Friday, November 24, 2006

Remembering our fathers

My husband and I, are remembering our fathers this week. My father, George, and my husband's father, Boris, died 3 days apart. Their legacies, are both interesting. We think that the two men, so opposite in many ways, had so much in common that they had a "date" in the next world. Boris was an immigrant to this country; my Dad could have been a member of the Sons of the American Revolution. What did they have in common? Love of this country.
They both served in WW II, my father in North Africa, Sicily and Italy, and Boris in France and Germany. They loved SOS, spam, souse, and organ meats. They could both sing Maresie Doats, Don't sit under the Apple tree, You are my sunshine, my only sunshine and She'll be coming around the mountain, and loved slang words like schlemiel, S.N.A.F.U., and my Dad's favorite for us, "wrong way Corrigan!" They were both loved people and loved to talk.
My father served in the US Army Air Corps (US Air Force) as a Chaplain for over 30 years. My father-in-law, served in the US Army and civil service.
Their legacies?
Two examples, which of course, do not include the legacies of fun, frivolity, and love they left to their families, but what they left to their country.....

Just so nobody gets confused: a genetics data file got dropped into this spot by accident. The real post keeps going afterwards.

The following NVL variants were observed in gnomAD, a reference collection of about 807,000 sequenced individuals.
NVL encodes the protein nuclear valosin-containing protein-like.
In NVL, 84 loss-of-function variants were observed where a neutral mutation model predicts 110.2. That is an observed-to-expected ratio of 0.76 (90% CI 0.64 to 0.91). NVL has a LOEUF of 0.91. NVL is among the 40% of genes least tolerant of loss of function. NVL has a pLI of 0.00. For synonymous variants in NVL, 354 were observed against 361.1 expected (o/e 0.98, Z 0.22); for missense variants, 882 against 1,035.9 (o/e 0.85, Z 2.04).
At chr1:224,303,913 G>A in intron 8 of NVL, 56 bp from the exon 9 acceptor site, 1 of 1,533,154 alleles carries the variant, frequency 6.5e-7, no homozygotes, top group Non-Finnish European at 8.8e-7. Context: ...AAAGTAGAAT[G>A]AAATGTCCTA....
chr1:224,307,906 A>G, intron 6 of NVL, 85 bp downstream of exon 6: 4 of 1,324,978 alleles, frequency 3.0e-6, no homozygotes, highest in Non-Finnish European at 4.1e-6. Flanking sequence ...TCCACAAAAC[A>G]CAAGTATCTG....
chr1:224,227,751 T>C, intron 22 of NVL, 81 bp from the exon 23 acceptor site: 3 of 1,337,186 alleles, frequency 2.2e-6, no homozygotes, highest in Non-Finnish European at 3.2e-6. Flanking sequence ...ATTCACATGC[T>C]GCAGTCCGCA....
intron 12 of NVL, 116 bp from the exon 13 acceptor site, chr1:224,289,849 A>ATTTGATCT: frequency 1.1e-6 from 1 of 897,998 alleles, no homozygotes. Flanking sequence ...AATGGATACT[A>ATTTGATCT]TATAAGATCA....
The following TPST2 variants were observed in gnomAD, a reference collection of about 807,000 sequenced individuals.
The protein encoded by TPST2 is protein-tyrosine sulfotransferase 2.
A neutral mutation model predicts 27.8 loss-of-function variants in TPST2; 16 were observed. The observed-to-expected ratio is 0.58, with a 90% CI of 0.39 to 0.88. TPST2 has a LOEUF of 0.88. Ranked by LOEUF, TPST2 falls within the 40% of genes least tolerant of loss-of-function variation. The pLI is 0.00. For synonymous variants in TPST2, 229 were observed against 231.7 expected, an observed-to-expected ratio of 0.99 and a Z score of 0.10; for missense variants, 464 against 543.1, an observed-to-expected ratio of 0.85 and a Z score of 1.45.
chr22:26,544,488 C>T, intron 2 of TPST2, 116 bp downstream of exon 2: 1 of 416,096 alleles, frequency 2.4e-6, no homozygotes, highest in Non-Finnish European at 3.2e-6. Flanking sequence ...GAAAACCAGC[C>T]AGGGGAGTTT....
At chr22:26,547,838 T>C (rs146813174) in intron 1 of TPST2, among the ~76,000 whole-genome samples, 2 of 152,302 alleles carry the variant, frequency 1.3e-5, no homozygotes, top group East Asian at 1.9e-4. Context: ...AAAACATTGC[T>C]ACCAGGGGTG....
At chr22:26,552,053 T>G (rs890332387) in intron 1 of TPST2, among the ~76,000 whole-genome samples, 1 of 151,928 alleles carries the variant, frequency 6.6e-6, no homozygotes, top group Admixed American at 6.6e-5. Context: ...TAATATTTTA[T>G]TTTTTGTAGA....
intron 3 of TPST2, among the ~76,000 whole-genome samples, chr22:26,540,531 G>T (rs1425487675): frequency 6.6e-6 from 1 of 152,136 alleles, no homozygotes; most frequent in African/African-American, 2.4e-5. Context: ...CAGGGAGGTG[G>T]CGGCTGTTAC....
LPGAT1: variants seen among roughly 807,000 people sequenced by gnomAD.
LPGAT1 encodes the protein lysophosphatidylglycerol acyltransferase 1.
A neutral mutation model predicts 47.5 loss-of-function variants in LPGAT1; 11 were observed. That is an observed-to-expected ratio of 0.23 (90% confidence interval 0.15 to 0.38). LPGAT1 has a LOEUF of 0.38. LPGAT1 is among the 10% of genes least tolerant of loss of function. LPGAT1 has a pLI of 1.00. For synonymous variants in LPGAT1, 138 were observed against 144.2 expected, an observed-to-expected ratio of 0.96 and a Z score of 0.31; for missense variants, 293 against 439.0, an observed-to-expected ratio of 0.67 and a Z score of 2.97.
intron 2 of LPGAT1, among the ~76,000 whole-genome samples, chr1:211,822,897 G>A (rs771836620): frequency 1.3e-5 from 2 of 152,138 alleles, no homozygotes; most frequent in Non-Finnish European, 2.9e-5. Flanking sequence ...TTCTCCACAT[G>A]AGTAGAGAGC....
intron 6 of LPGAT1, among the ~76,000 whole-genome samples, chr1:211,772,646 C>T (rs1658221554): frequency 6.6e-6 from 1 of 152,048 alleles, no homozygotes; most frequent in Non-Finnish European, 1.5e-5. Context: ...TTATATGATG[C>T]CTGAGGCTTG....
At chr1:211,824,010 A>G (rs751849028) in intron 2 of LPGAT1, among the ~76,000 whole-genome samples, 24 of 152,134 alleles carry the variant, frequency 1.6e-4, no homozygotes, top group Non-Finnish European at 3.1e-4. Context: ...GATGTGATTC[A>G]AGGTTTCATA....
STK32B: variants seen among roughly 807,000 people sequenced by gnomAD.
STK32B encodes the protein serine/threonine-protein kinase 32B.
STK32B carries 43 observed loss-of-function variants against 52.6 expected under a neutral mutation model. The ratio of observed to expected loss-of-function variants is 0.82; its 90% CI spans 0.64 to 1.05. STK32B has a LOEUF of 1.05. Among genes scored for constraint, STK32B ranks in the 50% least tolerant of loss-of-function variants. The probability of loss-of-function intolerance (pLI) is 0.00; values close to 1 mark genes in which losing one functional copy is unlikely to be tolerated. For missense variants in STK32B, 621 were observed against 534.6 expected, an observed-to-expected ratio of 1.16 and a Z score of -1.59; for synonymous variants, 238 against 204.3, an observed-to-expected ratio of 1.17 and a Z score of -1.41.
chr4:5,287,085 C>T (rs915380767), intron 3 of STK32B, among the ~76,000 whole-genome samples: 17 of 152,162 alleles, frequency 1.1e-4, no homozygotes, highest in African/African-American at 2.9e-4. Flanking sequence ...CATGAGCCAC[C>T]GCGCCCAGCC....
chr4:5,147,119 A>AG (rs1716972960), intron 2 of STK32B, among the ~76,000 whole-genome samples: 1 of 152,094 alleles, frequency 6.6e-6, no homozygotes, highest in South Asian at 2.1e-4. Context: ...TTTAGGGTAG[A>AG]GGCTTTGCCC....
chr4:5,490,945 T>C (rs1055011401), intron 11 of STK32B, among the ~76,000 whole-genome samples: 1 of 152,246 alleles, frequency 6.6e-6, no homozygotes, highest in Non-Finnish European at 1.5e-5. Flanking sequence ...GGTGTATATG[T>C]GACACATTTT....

This is the Memorial Window at the Strategic Air Command Chapel at Offutt AFB, NE. It commemorates the service, duty and loyalty of USAF comrades during WW II. It was my father's project. Boris, left another legacy, his valuable skill as a translator during the cold war.

These men, and the men and women of their generation gave everything they had and more to this country. They came back from war to the GI Bill, and a country that thanked them for their service. The middle class was born, unions were strong, one man could raise a family and buy a house on his wages. Yes, we were more homogeneous then, and a lot of it was due to homogeneity forged in the military when all our fathers were just "GI Issue." Our country and our parents worked to rebuild Europe and Japan; many admirable things were accomplished.

President Jimmy Carter stated the following in his recent book, Our Endangered Values:
"Our people have been justifiably proud to see America's power and influence used to preserve peace for ourselves and others, to promote economic and social justice, to raise high the banner of freedom and human rights, to protect the quality of our environment, to alleviate human suffering, to enhance the rule of law, and to cooperate with other peoples to reach these common goals."

These were the goals of our fathers, ours and yours. Their legacy. They had a common bond, whether new immigrant or old immigrant, a bond forged in adversity. Now, in adversity, all we have done is polarize ourselves, forgetting the values that brought us together as a nation. For the sake of our fathers and forefathers, we should get back to the business of building a nation for everyone. ALL of us.

Again, to quote Carter, ..."our own well being [as a nation]would be enhanced by restoring the trust, admiration, and friendship that our nation formerly enjoyed among other peoples."

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